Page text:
Then, this past week, I got my results back. I'll admit at first I was a bit disappointed because it didn't seem to say much in the health reports that come back with the results. I discovered I was 95.5% North European (no surprises there) and the only health reports that came back with information were 2 gene expressions that I had, one that was consistent in individuals with age related macular degeneration and the other in individuals with Celiac disease. Again, no surprises there. I already knew my eyes were failing me and cross contamination with gluten causes me to instantly become 6 months pregnant, not be able to bend my fingers, and to have irritable bowels for a week. Just as I was about to be really crabby for wasting the money, I figured out that I needed to download the "raw data" to get what I was looking for.


Normally someone would work with a practitioner or at least an analyzing company of some kind to sort it all out. But, when did I ever say I was normal? Slowly but surely I'm plugging my way through the seemingly endless list of gene expressions. It feels a bit like I'm trying to crack some secret code. The good news is I did have some priorities as far as what I wanted to figure out first. MTHFR was at the top of my list. Get ready for some science talk. If you hate science talk, skip the rest of this paragraph. I won't be offended. And I won't even know :) The MTHFR gene provides instructions for making an enzyme called methylenetetrahydrofolate reductase. This enzyme plays a role in processing amino acids, which are the building blocks of proteins. Methylenetetrahydrofolate reductase is important for a chemical reaction involving forms of the vitamin folate (also called vitamin B9). This reaction is required for a process that converts the amino acid homocysteine to another amino acid, methionine. The body uses methionine to make proteins and other important compounds. Without functional methylenetetrahydrofolate reductase, homocysteine cannot be converted to methionine. As a result, homocysteine builds up in the bloodstream, and the amount of methionine is reduced.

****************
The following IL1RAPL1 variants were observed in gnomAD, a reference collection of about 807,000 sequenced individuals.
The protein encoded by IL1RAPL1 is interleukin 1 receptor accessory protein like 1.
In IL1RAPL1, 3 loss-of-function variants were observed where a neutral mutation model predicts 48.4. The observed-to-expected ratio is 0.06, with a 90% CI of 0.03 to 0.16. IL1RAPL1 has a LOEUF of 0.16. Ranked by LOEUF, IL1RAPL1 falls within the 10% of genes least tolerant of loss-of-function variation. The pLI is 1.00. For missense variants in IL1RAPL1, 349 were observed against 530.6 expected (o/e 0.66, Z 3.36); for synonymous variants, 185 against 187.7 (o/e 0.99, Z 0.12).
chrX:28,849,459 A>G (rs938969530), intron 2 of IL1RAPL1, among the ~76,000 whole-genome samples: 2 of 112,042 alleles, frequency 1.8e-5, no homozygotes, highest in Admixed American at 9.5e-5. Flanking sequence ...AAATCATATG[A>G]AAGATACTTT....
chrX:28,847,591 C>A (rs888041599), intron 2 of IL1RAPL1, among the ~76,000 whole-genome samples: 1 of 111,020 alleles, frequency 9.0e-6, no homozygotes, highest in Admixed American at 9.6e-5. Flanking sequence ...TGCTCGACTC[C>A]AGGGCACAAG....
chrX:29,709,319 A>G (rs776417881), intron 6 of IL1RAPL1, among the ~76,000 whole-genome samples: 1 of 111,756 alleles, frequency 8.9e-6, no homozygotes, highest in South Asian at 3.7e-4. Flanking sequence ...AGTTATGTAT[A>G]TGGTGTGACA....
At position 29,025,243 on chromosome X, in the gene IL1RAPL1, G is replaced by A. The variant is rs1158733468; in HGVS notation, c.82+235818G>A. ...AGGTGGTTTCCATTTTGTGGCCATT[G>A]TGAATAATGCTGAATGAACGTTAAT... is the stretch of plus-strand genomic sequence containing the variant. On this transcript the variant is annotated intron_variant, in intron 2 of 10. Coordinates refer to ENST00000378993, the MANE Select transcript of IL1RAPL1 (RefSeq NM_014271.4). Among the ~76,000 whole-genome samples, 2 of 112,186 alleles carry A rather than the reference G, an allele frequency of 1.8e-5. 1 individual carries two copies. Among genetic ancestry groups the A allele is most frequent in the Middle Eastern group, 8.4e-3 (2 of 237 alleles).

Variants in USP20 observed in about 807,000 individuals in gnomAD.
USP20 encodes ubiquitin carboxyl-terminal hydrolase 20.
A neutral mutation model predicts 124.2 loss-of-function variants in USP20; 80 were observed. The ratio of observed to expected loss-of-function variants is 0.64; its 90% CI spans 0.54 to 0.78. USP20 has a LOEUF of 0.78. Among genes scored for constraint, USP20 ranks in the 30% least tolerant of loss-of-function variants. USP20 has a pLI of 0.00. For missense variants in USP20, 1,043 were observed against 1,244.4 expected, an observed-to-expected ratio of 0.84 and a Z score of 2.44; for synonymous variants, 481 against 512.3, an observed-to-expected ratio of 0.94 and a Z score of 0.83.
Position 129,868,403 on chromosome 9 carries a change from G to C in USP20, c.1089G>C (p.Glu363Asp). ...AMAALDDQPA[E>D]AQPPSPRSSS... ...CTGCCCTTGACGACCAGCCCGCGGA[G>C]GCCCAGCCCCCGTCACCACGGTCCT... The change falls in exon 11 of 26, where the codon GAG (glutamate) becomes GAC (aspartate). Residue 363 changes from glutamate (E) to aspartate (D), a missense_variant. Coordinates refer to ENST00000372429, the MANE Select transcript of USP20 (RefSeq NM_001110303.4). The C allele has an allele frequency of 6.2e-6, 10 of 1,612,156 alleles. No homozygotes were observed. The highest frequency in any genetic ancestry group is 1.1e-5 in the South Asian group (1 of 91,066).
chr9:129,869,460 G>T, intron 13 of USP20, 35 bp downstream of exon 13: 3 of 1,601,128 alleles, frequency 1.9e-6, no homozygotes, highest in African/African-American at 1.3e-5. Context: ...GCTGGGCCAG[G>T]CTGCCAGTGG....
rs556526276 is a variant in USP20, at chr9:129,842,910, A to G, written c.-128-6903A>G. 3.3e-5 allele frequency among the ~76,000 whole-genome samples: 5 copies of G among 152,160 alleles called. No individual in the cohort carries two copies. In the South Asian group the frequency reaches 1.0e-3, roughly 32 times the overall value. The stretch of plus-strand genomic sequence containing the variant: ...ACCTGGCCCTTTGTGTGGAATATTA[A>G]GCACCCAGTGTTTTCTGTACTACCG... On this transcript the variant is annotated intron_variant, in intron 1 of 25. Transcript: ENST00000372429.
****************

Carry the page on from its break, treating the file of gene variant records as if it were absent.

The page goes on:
To put it more plainly, the MTHFR gene produces the enzyme that is necessary for properly using vitamin B9 (folate). This enzyme is also important for converting homocysteine into methionine, which the body needs for proper metabolism and muscle growth and which is needed for glutathione creation. The process of methylation also involves the enzyme from the MTHFR gene, so those with a mutation may have trouble effectively eliminating toxins from the body.

 

I wish I could say that I discovered that gene was clean and there was no abnormality. But, that wasn't the case. Hello, my name is Ashley, and I have a dirty gene. The two most problematic mutations that can occur are C677T and A1298C, which denote the placement of the mutation on the gene. The most common forms of MTHFR mutation involve various combinations of these genes being passed on from each parent:

 

Homozygous: the same gene passed on from both parents (can occur if both pass on the 677 mutation, or the 1298 mutation)

 

Heterozygous: one parent passed on the 677 mutation or the 1298 mutation but the other parent passed on a normal gene

 

Compound Heterozygous: one parent passed on the 677 mutation and the other passed on the 1298 mutation


Thankfully, my A1298C gene was normal, but C677T was not. In fact, both of my parents handed me dirties (AA) on this one. This means that the processes which are effected by this gene are only functioning at 20-30% efficiency, which means this gene is going to need some help doing its job. That's where biohacking comes in. There are lifestyle factors that come into play that can fill the gap, so to speak, and help my body despite my genetic make up. There are practices that can be implemented, preventative care blood tests that can be regularly assessed, supplements that can be incorporated, a diet that can be followed, etc. All hope is not lost for my little mutant.

 

Next week I'm going to be sharing some of the specifics about how I plan to hack this dirty little gene. What about you? Have you done the 23andme thing? Did you discover you had any dirty genes of your own? I'd love to hear from you.